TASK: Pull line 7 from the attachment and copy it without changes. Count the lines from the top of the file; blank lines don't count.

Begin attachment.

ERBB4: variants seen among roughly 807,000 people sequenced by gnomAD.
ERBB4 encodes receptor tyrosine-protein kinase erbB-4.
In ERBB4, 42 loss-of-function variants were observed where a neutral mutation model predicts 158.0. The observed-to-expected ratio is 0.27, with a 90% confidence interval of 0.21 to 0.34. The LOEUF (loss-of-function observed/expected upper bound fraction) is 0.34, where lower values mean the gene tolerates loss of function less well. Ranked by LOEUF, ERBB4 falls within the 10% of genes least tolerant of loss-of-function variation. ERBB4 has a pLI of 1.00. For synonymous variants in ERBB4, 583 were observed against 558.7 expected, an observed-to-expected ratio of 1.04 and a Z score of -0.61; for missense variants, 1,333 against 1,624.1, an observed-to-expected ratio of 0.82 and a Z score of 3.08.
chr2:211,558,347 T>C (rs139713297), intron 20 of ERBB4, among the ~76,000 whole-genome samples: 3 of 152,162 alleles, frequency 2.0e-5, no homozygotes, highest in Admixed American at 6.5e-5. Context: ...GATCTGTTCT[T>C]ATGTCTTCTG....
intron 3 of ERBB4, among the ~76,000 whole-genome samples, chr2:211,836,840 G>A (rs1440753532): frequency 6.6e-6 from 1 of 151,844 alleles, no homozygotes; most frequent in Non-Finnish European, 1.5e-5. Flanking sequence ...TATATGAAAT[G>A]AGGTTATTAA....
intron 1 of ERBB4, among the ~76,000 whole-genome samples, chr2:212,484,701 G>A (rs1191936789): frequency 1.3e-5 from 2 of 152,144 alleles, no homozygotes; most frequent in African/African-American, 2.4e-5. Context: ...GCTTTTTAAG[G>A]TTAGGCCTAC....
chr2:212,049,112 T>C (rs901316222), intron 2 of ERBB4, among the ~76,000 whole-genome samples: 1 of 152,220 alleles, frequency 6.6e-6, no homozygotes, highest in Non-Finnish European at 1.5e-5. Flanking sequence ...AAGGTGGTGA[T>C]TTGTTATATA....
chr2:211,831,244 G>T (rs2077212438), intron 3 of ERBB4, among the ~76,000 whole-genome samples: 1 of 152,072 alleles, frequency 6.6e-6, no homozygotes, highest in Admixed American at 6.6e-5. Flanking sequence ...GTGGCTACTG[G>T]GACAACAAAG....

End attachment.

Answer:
chr2:212,049,112 T>C (rs901316222), intron 2 of ERBB4, among the ~76,000 whole-genome samples: 1 of 152,220 alleles, frequency 6.6e-6, no homozygotes, highest in Non-Finnish European at 1.5e-5. Flanking sequence ...AAGGTGGTGA[T>C]TTGTTATATA....